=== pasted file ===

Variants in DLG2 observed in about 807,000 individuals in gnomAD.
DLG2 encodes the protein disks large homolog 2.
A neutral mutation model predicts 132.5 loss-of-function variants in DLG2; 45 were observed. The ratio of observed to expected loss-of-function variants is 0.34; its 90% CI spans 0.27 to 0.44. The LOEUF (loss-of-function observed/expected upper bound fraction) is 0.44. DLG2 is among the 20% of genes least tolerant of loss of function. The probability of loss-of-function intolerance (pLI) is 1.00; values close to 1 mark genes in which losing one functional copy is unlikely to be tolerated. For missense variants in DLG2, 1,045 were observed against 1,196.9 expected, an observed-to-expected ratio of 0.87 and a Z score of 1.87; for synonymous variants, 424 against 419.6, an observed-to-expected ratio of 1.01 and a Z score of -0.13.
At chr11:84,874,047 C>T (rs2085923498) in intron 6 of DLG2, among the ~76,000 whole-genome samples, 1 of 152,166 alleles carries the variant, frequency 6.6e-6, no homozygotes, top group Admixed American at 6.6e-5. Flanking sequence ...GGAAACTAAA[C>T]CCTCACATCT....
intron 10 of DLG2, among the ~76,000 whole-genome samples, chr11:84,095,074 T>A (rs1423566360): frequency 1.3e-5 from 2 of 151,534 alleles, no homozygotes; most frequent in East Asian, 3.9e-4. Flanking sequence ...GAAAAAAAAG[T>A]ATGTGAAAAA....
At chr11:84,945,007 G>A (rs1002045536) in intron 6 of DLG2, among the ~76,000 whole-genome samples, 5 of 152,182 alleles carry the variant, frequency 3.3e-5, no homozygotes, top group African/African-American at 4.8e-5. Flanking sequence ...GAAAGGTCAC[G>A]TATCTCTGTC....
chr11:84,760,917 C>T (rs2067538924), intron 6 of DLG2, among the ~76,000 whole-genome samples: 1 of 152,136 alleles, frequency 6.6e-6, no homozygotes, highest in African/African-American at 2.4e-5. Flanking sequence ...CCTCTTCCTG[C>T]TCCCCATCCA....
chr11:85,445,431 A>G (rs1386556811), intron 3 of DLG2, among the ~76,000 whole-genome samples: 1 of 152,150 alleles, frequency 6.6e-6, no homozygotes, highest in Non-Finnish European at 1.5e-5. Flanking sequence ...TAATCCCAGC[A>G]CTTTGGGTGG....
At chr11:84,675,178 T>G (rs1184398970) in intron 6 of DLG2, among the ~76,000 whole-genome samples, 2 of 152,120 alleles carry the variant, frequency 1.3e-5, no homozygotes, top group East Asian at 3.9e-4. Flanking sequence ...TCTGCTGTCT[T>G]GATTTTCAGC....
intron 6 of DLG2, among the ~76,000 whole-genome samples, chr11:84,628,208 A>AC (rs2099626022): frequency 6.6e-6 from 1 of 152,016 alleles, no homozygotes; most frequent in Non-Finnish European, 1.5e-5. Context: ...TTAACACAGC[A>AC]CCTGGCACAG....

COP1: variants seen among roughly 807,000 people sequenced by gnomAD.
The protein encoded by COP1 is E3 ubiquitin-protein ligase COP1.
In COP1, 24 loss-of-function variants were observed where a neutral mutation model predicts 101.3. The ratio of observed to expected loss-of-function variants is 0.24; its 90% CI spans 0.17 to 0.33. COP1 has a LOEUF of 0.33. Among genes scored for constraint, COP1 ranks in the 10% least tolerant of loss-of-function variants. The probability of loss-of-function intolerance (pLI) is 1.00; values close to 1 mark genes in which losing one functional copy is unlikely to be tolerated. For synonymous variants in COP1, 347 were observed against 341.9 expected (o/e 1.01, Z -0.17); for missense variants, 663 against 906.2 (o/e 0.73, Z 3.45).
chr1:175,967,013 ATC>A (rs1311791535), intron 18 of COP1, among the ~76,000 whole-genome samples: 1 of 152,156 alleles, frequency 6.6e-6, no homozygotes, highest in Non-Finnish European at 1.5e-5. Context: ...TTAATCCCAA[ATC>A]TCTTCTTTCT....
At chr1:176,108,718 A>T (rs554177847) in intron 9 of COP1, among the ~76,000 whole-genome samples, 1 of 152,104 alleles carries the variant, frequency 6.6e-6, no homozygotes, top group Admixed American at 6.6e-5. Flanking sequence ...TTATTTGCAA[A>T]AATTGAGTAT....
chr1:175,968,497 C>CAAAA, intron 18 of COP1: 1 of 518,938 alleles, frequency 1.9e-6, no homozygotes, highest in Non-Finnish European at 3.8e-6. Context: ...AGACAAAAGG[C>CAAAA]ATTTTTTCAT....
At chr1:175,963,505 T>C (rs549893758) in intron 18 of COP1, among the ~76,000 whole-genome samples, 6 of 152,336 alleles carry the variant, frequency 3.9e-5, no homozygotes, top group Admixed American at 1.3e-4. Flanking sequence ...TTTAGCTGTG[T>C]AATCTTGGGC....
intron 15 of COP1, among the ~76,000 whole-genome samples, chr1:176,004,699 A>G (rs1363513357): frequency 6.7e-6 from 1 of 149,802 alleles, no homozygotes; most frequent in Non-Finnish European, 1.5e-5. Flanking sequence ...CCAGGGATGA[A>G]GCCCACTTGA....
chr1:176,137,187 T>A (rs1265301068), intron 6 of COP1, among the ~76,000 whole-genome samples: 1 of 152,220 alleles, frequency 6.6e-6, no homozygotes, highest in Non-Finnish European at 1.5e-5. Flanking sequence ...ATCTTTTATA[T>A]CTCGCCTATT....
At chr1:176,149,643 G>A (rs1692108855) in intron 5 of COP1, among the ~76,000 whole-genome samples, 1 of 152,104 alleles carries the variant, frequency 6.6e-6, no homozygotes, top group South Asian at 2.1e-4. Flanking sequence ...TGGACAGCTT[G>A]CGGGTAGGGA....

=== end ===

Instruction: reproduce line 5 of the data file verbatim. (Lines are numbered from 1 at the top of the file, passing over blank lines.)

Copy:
intron 10 of DLG2, among the ~76,000 whole-genome samples, chr11:84,095,074 T>A (rs1423566360): frequency 1.3e-5 from 2 of 151,534 alleles, no homozygotes; most frequent in East Asian, 3.9e-4. Flanking sequence ...GAAAAAAAAG[T>A]ATGTGAAAAA....